It's meant to be the story of the worm that turned. Whilst it may be crude, it's still amusing.

Even Matthew Arnold used corporal punishment - he didn't like it, but he thought it necessary.

Anonymous said...

corporal punishment is on a different planet. What was described here ws rape.
I know how crude, rude and obnoxious pupils can be and now and then the idea of a clip around the ear really appeals. But what was decribed here was rape and that never appeals.

Anonymous said...

What Cheeky describes about the thug flicking his sperm at the girls and at a female teacher actually happened at my school, over 10 years ago. The headmaster tried to get him expelled but the local unit was full and no other school would take the little shit.

Such extreme and vile behaviour by pupils is now sadly common place in our schools. Me and several other teachers have spent many a lunchtime thinking of equally nasty ways that we would like to get our own back on the mindless thugs that infest our schools.

Personally, I thought it was well written and in my experience reflects the views and desires of several of my teaching friends. Also, at the end of the day this is a work of fiction and I very much doubt Cheeky would ever do something like that in real life. I think he is just using his imagination to express his frustration and disgust at how certain pupils can do almost anything, and us teachers are powerless. I take my hat off to him and hope he continues.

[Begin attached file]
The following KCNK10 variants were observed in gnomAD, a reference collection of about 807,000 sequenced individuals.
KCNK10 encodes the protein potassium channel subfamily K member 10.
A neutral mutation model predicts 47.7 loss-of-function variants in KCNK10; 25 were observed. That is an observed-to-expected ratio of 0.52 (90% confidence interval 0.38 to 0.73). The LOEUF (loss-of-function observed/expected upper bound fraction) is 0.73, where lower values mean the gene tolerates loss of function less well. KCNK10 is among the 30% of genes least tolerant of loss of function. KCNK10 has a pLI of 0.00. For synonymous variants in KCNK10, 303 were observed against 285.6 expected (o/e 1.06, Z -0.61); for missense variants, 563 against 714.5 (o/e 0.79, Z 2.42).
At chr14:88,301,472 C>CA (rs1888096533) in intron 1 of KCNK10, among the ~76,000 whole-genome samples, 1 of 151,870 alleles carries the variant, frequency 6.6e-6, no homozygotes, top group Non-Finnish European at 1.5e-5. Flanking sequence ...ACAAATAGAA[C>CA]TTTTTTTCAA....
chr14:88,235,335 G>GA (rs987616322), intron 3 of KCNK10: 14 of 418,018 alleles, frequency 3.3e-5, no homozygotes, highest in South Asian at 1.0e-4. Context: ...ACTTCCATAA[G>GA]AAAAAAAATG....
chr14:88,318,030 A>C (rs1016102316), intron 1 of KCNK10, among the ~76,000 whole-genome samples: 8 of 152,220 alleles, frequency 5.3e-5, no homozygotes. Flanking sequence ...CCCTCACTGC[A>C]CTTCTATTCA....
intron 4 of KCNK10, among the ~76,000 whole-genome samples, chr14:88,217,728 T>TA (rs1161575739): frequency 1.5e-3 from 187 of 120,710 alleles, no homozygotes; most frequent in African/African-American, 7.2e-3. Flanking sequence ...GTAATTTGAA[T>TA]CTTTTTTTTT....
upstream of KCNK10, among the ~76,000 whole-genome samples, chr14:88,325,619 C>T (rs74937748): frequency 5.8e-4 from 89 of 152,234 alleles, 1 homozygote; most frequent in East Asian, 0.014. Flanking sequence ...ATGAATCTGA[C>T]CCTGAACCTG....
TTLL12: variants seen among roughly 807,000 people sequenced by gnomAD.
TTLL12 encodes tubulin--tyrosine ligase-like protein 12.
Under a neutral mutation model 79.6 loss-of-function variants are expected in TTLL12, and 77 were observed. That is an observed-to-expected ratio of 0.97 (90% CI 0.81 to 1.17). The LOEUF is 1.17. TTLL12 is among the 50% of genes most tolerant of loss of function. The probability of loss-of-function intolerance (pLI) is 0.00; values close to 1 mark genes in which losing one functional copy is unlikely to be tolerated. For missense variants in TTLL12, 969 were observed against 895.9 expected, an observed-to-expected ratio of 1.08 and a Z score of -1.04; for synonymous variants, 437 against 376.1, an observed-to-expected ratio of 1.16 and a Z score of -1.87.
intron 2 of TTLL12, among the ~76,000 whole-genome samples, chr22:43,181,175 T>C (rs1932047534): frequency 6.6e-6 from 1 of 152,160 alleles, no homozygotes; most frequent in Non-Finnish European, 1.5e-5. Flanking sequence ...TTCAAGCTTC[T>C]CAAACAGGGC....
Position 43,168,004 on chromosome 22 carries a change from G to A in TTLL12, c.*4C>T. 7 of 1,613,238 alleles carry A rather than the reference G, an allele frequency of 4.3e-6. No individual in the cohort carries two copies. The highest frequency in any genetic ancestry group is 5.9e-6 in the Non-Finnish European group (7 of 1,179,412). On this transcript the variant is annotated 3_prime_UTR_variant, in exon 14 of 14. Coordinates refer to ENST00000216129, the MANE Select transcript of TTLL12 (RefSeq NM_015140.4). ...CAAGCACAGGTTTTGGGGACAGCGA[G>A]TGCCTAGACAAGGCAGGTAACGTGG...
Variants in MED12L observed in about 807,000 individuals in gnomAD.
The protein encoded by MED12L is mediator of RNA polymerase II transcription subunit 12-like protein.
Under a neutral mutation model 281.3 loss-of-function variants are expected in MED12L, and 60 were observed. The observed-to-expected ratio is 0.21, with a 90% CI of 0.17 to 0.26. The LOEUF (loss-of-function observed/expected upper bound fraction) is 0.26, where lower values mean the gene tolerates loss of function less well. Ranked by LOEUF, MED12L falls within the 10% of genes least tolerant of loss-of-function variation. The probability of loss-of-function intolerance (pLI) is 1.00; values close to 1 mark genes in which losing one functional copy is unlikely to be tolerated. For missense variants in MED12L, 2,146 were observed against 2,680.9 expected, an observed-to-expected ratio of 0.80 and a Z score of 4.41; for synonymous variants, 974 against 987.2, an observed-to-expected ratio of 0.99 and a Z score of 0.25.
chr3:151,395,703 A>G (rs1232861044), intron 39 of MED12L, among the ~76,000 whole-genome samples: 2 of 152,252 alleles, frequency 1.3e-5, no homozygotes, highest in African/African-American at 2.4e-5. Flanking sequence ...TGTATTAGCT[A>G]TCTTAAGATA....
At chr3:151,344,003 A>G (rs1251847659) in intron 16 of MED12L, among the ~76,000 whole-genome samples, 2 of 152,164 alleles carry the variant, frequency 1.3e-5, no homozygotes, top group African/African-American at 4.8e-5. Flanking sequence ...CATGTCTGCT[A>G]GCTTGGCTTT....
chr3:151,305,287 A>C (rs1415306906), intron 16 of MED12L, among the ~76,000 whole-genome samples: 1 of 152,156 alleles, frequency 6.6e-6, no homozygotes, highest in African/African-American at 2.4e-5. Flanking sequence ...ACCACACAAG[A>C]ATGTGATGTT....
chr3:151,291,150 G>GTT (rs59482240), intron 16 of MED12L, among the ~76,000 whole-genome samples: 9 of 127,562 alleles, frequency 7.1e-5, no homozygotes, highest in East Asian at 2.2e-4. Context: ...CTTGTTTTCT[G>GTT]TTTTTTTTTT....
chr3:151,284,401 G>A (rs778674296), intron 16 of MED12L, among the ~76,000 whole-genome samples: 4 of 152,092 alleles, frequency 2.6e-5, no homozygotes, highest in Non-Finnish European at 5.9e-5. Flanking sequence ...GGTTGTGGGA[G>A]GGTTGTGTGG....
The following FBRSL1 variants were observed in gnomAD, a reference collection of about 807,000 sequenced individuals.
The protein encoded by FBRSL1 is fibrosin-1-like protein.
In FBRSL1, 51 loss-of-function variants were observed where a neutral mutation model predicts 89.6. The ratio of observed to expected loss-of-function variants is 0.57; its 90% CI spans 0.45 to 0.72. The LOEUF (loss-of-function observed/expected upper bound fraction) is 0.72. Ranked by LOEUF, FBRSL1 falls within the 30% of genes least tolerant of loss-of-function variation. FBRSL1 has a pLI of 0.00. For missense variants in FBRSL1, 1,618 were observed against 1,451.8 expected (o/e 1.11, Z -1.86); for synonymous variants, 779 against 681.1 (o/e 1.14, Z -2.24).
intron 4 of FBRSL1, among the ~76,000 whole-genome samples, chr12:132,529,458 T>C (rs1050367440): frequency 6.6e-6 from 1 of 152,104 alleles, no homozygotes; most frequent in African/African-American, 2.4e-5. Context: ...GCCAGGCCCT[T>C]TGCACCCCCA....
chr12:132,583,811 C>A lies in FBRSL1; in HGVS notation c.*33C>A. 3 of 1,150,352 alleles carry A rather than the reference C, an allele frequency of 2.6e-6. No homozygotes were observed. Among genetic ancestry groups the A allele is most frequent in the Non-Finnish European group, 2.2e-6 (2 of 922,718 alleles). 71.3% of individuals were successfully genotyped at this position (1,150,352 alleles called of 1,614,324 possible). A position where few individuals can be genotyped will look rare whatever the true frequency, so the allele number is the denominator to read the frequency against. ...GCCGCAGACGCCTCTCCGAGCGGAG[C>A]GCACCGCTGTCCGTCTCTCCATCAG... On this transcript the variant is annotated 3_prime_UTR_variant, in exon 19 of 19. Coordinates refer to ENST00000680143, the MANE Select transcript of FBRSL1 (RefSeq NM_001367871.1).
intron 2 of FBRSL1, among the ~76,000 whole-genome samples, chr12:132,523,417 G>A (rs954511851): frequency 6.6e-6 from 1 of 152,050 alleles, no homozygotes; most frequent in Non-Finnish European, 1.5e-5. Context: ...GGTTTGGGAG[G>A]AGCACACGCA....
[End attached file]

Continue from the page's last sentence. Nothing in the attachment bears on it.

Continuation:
It is controversial, but amusing all the same

cheeky chappy said...
This comment has been removed by the author.
Bridge said...

I agree Frank - ten years training or ten minutes, it'll still be blindingly obvious if you're cut out to teach after about three weeks on the job.

Mr Natural said...

The DCFS would take a dim view of Cheeky Chappy's scribblings; they really are not the sort of thing you should be able to access from this site, and are more suited to the wall of a badly-maintained public convenience.

I should also point out to Cheeky Chappy that if he is currently working with children in any capacity, his writing could easily constitute grounds for dismissal.

Do yourself a favour, Mr Chalk, and use the Blue Pencil.

Lime_Smoothie said...

Spot on as usual, Frank. I switched careers after 10 years in 'industry' and the only useful parts of the PGCE were the placements.

The first 6 week TP in tough inner city schools sorted the wheat from the chaff - nearly 40% dropped out or were invited to leave by the University.

You can either do it or you can't - let the bankers come, we've just had a refugee from banking hand his notice in (3 years and out). Those who can hack it and are any good might last, if they can wade through the mire of admin and targets.

Anonymous said...

They made it easier to beocme a social worker a number of years ago and look what happened - all sorts of flotsam and jetsam who did not have the skills or understanding to follow through on complicated social and legal policies. Now they are talking about making it a Masters level profession. You may be able to tell who can be a good teacher after 3 weeks but longer training would mean that there is more time to sort the wheat from the chaff.